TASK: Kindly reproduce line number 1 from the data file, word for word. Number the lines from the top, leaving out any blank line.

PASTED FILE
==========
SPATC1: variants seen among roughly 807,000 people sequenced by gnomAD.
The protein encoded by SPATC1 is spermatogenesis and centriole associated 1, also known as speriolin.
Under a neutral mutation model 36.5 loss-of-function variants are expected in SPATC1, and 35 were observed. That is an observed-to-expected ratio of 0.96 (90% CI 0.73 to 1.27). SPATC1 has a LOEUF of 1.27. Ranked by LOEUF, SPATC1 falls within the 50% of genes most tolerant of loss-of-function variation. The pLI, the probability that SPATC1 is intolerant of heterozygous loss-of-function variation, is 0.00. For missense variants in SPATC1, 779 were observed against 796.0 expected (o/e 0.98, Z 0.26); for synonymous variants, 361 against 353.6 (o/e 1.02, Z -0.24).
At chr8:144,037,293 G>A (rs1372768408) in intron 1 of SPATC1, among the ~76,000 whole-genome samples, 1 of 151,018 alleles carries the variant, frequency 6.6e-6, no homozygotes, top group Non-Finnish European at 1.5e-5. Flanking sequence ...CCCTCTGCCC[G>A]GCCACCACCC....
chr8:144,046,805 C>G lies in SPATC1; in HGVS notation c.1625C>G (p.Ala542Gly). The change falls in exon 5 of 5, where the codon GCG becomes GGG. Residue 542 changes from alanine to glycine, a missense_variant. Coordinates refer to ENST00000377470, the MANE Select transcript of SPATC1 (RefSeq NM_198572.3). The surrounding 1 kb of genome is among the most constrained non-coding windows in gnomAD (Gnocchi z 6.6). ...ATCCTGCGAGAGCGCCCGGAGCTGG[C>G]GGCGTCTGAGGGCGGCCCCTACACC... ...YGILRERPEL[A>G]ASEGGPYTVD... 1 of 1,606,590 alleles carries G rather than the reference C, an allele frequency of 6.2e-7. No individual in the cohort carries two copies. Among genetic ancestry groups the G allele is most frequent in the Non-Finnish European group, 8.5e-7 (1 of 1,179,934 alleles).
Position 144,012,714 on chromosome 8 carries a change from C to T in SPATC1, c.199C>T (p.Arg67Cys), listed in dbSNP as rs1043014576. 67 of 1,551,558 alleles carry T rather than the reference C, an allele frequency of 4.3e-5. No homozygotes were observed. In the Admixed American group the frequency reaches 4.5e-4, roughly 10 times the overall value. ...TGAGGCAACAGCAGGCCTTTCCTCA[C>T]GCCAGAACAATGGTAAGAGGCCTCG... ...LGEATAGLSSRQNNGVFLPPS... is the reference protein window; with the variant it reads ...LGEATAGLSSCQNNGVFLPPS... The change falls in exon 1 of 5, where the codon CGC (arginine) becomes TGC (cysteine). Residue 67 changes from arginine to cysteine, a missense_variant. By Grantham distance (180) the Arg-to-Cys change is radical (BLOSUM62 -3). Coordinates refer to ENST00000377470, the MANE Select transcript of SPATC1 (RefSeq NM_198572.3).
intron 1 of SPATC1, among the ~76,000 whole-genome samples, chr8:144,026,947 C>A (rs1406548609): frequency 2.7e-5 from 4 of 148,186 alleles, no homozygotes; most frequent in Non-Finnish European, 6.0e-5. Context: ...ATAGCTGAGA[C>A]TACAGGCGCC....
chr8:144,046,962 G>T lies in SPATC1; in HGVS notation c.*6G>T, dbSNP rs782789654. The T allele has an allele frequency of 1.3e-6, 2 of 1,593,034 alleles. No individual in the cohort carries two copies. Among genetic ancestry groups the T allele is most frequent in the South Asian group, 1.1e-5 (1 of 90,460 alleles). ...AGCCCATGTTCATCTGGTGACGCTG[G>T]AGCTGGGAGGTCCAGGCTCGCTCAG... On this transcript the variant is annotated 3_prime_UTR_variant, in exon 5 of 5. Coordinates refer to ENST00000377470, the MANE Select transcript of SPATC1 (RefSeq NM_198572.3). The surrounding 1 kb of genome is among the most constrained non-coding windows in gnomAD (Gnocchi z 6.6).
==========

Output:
SPATC1: variants seen among roughly 807,000 people sequenced by gnomAD.